# Equivalent fractions

## Home learning focus

In today's lesson, you will learn how to convert equivalent fractions.

This lesson includes:

- a learning summary
one activity

*Created in partnership with Sparx.*

# Learn

### Key vocabulary:

**Numerator**- the number above the line in a fraction**Denominator**- the number below the line in a fraction

## What are equivalent fractions?

**Equivalent fractions** are fractions that have the **same value as each other.**

Look at the circles below. If you split the circle into two pieces and then shade one of the pieces, you have shaded one half (½).

If you split the circle into six pieces and then shade three of them, then you have shaded three sixths (³⁄₆ ).

The same amount of each circle is shaded, because these fractions are equivalent.

### Fraction walls

Another way to see which fractions are equivalent is a **fraction wall.** Here, the width of the wall has been split into different fractions. You can see that ½ is equivalent to ³⁄₆ because they are the same width.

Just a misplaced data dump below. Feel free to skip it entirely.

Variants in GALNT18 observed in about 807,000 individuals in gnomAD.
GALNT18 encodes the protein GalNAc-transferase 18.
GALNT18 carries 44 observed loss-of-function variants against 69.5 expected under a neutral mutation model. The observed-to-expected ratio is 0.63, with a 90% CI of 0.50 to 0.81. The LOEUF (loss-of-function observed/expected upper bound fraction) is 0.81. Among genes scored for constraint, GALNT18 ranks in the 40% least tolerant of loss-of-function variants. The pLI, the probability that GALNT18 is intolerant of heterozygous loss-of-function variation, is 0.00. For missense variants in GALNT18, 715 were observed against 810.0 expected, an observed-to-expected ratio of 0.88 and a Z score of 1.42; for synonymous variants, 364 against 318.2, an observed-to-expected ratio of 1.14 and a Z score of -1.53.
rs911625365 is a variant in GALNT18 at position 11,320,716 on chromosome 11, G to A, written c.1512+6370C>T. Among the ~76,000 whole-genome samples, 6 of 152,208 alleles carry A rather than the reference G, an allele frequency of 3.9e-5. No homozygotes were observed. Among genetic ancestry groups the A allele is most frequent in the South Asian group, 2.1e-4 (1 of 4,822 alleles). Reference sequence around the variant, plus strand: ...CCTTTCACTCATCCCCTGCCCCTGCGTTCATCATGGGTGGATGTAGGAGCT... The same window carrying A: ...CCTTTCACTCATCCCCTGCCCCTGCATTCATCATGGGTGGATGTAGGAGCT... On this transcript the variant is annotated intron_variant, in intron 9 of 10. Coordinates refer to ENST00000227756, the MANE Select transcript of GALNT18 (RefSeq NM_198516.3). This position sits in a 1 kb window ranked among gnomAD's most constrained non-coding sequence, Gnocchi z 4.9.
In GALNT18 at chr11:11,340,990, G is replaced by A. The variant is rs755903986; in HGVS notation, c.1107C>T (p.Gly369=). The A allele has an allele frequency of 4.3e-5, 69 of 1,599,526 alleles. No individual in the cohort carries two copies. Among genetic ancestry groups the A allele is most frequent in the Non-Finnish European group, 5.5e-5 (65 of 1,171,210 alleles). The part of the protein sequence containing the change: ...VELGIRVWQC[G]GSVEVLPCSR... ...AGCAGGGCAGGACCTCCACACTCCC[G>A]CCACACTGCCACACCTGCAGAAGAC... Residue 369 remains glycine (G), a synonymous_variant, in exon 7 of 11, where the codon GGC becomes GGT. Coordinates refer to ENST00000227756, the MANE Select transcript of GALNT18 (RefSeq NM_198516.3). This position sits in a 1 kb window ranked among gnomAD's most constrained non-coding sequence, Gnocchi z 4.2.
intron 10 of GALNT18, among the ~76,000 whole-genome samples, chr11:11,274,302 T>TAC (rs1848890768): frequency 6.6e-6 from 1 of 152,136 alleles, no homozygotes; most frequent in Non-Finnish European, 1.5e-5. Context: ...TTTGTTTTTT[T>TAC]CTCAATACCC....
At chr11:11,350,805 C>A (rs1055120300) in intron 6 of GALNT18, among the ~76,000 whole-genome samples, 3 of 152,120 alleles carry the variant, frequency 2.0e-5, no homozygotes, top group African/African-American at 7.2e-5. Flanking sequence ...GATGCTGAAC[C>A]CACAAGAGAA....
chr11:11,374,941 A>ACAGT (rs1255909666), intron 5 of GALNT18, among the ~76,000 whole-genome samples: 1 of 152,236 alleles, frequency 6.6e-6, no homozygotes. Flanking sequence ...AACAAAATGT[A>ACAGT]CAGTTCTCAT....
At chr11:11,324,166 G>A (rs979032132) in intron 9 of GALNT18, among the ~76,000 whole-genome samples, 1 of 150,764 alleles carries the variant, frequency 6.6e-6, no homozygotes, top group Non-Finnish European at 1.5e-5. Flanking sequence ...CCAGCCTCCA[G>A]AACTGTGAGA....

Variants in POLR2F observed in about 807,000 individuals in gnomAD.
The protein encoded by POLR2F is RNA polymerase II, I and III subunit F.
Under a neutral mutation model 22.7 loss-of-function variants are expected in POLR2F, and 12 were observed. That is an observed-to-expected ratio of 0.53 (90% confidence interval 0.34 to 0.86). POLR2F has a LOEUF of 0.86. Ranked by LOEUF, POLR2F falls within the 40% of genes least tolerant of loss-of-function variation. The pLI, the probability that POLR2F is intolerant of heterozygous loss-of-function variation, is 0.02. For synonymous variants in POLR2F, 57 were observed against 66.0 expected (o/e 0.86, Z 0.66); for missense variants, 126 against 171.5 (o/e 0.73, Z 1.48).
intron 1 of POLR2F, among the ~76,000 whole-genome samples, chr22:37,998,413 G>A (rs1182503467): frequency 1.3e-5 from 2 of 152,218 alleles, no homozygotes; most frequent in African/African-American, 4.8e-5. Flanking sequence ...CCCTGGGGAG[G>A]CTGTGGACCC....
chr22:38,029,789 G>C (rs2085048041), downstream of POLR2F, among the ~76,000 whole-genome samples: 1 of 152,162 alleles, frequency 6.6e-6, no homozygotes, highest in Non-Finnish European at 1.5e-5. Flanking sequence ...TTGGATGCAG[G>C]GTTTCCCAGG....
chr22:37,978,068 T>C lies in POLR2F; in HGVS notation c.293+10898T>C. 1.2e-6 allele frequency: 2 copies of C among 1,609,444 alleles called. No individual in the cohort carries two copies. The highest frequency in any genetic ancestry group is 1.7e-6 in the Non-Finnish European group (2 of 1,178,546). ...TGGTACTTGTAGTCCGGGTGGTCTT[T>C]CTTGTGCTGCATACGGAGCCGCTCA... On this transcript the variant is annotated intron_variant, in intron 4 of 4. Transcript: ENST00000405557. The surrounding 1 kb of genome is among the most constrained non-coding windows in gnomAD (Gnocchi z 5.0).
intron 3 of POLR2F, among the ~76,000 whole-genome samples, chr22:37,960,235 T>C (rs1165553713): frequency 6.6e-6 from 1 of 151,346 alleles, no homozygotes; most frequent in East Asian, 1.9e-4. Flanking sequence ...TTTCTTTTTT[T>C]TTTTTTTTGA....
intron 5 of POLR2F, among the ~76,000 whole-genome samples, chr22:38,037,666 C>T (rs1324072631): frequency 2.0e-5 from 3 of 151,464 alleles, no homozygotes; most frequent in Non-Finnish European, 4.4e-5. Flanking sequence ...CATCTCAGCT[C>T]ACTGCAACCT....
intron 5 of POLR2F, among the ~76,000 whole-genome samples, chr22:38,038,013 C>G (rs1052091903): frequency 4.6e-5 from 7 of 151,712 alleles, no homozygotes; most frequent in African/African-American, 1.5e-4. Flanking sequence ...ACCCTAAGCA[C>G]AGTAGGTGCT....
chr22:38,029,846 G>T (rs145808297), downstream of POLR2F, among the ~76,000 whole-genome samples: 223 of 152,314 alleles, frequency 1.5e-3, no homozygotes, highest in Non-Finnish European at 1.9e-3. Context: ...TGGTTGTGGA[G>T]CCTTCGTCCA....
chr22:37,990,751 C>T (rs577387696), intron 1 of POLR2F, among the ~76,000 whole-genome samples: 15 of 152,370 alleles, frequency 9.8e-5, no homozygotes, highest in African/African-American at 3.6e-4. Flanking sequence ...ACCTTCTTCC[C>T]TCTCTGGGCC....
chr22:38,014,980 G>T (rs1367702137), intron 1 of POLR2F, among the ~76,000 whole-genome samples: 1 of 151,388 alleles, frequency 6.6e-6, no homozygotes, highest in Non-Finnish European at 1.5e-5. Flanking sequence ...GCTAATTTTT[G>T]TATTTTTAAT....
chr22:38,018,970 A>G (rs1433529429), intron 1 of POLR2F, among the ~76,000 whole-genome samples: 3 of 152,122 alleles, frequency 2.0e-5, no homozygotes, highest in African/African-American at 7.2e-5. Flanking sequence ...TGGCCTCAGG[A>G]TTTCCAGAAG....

## Why are equivalent fractions useful?

When you want to add or subtract fractions you need them to have the **same denominator.** You can use equivalent fractions to do this.

Also, to convert a fraction into a decimal or a percentage, you first need to find an equivalent fraction.

## How to find equivalent fractions

Fractions are equivalent if you can get from one of them to the other by multiplying their numerator and denominator by the same number. For example, ⁶⁄₂₀ is equivalent to ³⁰⁄₁₀₀.

## Example

Work out the **unknown value** (?) in the expression below.

To work out the equivalent fraction, the numerator and denominator must be multiplied by the **same number.**

25 is multiplied by 4 to give 100, so you multiply 6 by 4 as well to give the unknown value.

6 × 4 = 24, so ⁶⁄₂₅ is equivalent to ²⁴⁄₁₀₀.

# Practise

## Activity 1

**Worksheet: Equivalent fractions**

Have a go at this worksheet from Sparx on equivalent fractions.

You can print it out or write your answers on a piece of paper.

# There's more to learn

Have a look at these other resources around the BBC and the web.